“As a company, you need to have a purpose and you need to know where you’re going,” says PRS for Music CEO Andrea C. Martin, reflecting on her vision for the British PRO.
Martin was appointed as CEO in 2019 and given charge of an organisation of 500 people across two London sites and three joint ventures, now representing 165,000+ songwriters, composers and music publishers.
Over the course of her career, Martin, a Big Data expert, has held multiple C-Suite roles in various industries, from President and CEO of three international business units with Reader’s Digest Association, to Managing Director of Data Services for the Royal Mail in the UK and President of ADT Canada.
“I felt that my data and my digital experience would be a great asset to a company that needed transformation,” explains Martin. “The [music] industry is changing a lot and even more so now with AI.”
Described by PRS as a ‘transformation specialist’, Martin explains that, “I always transformed old companies impacted digitally; old companies with big subscription bases and big databases”.
Amongst the first changes and challenges under her leadership at PRS – a nearly 110-year-old organisation now handling trillions of lines of music usage data each year – were overhauling the governance model, and moving data to the cloud.
“We had the same governance model for 20 years,” says Martin. “It had to be overhauled. That was the first thing we did. It was a huge milestone for the company. It allowed us to have flexibility and quick decision-making.”
Martin says that PRS for Music then set out its “vision” in 2020 for what the exec calls a “very ambitious five-year plan”. That plan includes paying out £1 billion in royalties to its members by 2026, achieving a cost-to-income ratio below 10%, and “being innovative” in strategic partnerships, tech systems, and data.
MBW asks Martin how the plan is shaping up, and we’re told that PRS is already “tracking way above” those goals. Such progress, according to Martin, “is rare”.
Achievements so far include hitting a cost-to-income ratio of 9.3% in 2022. “We made it [to below 10%] in one year,” says Martin. “When I came in, it was 13%.”
And on data, PRS, as well as ICE – its pan-European music licensing hub created with Sweden’s STIM and Germany’s GEMA – implemented a phased project of moving a vast volume of data from physical storage to the cloud. “We had a lot of old systems,” says Martin. “We had to bring it into the cloud.”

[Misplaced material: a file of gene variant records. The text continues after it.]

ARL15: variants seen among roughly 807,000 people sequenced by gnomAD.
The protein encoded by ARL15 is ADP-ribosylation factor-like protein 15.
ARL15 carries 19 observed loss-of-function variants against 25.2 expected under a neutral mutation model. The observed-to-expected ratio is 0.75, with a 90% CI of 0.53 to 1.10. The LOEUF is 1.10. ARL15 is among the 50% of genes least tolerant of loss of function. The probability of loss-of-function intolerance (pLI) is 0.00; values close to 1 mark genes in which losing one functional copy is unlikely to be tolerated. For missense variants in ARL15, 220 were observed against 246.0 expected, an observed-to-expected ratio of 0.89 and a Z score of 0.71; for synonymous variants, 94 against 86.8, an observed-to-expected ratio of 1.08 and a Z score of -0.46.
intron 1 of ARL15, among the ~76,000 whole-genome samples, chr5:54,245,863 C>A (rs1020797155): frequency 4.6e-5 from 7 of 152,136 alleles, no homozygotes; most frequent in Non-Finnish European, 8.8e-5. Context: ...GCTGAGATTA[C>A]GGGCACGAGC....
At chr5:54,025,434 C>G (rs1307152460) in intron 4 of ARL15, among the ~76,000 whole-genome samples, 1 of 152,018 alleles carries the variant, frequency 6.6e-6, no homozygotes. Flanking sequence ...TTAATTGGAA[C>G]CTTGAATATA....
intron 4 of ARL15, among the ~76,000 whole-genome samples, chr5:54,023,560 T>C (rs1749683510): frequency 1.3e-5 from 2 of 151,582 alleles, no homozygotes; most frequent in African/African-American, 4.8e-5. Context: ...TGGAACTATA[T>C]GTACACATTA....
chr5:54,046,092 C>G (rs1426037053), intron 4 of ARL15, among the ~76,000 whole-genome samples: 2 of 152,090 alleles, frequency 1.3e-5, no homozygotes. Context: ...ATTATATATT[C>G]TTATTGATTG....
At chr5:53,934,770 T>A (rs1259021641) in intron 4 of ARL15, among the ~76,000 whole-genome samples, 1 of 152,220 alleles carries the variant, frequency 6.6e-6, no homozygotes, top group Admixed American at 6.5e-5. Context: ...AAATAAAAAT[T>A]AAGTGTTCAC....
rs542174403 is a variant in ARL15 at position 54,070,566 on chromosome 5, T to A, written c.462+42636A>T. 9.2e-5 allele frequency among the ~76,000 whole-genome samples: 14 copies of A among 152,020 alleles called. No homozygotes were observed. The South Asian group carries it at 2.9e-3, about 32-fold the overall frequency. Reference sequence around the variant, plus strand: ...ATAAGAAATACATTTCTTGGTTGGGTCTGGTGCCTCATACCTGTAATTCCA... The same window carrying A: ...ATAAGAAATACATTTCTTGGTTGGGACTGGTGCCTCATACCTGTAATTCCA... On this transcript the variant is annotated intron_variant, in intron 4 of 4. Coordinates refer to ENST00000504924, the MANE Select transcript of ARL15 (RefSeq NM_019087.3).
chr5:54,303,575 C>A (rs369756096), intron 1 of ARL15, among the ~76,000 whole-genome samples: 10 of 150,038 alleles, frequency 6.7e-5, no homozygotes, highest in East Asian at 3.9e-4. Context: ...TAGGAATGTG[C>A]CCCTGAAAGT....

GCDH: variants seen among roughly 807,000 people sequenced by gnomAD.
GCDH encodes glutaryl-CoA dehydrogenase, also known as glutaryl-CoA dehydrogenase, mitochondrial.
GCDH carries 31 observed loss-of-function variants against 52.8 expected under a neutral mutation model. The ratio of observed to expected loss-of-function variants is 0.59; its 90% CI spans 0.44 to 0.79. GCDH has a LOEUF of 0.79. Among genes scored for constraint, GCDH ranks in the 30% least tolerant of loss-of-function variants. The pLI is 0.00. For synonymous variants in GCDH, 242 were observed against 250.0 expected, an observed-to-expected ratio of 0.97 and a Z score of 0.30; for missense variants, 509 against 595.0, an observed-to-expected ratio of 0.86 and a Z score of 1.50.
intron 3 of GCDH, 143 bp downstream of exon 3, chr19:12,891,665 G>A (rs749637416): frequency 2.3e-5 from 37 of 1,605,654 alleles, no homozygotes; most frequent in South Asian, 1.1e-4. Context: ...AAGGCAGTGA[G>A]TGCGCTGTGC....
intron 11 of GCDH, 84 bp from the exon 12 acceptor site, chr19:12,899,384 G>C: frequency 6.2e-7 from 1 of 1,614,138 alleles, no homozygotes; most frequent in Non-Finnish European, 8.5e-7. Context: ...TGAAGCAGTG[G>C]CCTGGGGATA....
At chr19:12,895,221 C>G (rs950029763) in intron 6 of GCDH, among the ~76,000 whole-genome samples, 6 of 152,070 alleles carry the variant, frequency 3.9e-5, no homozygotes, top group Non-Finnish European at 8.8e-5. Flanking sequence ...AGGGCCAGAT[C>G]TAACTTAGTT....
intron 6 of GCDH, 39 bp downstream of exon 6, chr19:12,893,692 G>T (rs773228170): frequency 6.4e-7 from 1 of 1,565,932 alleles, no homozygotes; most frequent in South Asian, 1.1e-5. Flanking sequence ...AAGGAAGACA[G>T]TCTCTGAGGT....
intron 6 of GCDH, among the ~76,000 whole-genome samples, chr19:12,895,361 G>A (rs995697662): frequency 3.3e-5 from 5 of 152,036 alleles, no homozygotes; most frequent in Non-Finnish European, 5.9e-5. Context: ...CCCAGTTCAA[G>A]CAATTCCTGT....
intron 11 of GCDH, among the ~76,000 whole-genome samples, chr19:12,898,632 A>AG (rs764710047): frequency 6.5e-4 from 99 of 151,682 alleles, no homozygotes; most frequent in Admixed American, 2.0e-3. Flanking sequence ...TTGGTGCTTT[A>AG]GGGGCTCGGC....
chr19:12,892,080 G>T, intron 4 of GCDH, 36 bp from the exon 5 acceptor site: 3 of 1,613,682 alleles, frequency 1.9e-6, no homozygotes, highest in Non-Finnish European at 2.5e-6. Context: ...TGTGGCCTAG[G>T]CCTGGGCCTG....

Another key project to be launched during Martin’s tenure is the ‘Nexus’ programme, which PRS believes is the solution to what it calls “the worldwide music metadata gap”.
The programme includes the Nexus metadata portal, a free hub that publishes songwriter and composer credits, which means that portal users can flag discrepancies with data that could impact their revenue.
“A high-performing team that is motivated, with the right mindset, makes a big difference.”
“Nexus is going to be huge,” says Martin, and adds that it is “a global solution” that “everyone in the industry [has] to work together to make happen.” PRS for Music recently expanded its Nexus programme with a new CISAC-supported initiative to ensure songwriter and composer information (via ISWCs) is linked to recordings (ISRCs) prior to release.
Commenting on the launch, Martin called it a “pioneering initiative” that is “designed to solve a worldwide issue and revolutionise how songwriters are paid”.
She added: “Linking ISWCs to ISRCs at the point of release is crucial and has long been an obstacle for music creators.”
Also as part of Nexus, PRS, along with The Ivors Academy, the Music Publishers Association (MPA), and the Intellectual Property Office (IPO) created the Get Paid Guide, which they say is “designed to demystify music metadata”.
Here, following a banner year in 2022 for PRS in terms of both revenue and payouts (hitting £964 million and £836.2 million respectively), Martin tells MBW about the organisation’s forecasts for 2023, achievements over the past few years, and more…
Why was taking over the leadership role at PRS an appealing proposition for you?
When I was approached first, I said no. I was semi-retired. This is my sixth CEO or Managing Director role. But then one of my friends [encouraged Martin to take the job] and said, ‘Andrea, you love music too much’.
Just a little anecdote: In the late 1990s, I was working at Reader’s Digest. A lot of people don’t realise that we made money selling books, [but also] music and video.
We did ‘Best Of’ international compilations like ABBA and Elvis, and local [comps] depending on the country.
I was asked to be the Managing Director of the music division globally. I was very honoured. They asked me to move to the headquarters in New York, but I couldn’t unfortunately, because of my husband’s business. He was an entrepreneur and he couldn’t move. And he didn’t want to move.
So when I was approached for this [job at PRS], I thought, ‘Oh, this is kind of full circle’. I remember reading Billboard constantly, looking at the Top 10 for how we put together the ‘Best Of’ compilations [at Reader’s Digest].